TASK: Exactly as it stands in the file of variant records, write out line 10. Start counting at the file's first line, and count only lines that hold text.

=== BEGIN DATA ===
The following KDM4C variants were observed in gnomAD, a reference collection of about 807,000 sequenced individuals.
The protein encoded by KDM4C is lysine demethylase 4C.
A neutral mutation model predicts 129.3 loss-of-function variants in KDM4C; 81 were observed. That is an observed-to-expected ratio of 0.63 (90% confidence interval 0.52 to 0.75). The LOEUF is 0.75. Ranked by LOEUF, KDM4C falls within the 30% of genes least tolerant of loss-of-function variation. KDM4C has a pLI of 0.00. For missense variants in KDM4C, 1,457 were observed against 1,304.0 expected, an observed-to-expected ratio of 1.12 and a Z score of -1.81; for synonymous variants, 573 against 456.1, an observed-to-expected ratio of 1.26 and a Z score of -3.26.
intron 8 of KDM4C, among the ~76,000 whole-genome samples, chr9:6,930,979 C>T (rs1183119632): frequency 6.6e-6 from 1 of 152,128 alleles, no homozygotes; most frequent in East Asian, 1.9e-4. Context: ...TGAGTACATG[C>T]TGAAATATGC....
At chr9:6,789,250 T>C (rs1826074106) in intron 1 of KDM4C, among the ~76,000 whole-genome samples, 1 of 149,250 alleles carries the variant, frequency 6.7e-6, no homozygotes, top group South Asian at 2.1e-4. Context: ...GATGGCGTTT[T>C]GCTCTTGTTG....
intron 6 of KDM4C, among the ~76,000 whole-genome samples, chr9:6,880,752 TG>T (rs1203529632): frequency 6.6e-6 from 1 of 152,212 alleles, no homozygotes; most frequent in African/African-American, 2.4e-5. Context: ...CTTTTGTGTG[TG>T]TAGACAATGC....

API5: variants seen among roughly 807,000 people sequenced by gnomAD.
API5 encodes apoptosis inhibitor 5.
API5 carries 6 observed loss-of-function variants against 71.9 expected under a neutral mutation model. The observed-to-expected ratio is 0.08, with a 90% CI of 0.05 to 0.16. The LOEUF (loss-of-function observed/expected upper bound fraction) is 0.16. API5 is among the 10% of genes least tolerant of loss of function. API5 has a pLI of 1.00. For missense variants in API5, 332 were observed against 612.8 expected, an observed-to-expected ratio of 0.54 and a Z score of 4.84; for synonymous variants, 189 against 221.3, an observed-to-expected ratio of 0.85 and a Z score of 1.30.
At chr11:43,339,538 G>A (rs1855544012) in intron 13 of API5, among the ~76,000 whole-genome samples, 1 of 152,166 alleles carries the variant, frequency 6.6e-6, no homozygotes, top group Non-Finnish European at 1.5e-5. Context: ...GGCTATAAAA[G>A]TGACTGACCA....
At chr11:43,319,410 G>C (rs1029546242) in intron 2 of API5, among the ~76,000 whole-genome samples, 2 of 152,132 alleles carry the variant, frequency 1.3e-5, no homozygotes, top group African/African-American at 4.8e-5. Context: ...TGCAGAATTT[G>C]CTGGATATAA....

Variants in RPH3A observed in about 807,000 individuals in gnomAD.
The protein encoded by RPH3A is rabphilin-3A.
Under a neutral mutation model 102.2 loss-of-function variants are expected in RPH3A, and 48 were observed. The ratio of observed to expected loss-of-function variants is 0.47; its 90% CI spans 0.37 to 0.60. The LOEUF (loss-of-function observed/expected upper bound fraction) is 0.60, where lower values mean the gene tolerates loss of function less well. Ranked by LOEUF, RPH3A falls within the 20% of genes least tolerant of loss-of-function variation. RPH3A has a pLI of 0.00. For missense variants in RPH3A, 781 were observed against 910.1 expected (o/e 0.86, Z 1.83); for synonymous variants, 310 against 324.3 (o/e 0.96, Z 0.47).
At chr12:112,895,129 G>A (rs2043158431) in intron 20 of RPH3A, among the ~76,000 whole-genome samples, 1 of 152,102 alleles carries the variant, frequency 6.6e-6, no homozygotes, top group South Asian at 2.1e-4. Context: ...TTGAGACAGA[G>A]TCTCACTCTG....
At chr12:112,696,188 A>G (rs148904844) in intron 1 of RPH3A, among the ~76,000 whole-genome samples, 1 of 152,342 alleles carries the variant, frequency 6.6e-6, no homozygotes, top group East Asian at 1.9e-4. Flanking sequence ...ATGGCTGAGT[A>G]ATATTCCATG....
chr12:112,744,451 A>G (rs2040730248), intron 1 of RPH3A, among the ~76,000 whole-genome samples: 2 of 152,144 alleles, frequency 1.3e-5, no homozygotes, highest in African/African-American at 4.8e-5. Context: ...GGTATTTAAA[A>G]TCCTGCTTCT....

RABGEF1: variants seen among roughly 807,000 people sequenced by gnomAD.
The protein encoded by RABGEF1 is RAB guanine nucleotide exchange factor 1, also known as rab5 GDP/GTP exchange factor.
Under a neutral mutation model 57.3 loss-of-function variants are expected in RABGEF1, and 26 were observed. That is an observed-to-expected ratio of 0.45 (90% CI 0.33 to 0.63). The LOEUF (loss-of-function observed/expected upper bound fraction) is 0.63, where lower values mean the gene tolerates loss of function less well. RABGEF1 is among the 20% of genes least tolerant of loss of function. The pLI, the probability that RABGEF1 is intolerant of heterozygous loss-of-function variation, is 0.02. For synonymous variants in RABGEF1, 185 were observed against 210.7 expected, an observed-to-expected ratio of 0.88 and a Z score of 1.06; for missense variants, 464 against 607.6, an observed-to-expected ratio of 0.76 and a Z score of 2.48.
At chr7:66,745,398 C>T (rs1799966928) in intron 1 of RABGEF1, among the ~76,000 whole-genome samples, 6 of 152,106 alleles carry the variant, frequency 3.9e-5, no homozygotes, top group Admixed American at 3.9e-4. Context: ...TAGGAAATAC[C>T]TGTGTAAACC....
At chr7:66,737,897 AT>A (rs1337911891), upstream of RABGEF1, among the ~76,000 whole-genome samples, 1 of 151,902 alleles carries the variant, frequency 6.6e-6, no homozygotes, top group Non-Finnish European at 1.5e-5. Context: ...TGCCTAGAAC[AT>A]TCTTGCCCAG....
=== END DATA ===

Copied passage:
At chr11:43,339,538 G>A (rs1855544012) in intron 13 of API5, among the ~76,000 whole-genome samples, 1 of 152,166 alleles carries the variant, frequency 6.6e-6, no homozygotes, top group Non-Finnish European at 1.5e-5. Context: ...GGCTATAAAA[G>A]TGACTGACCA....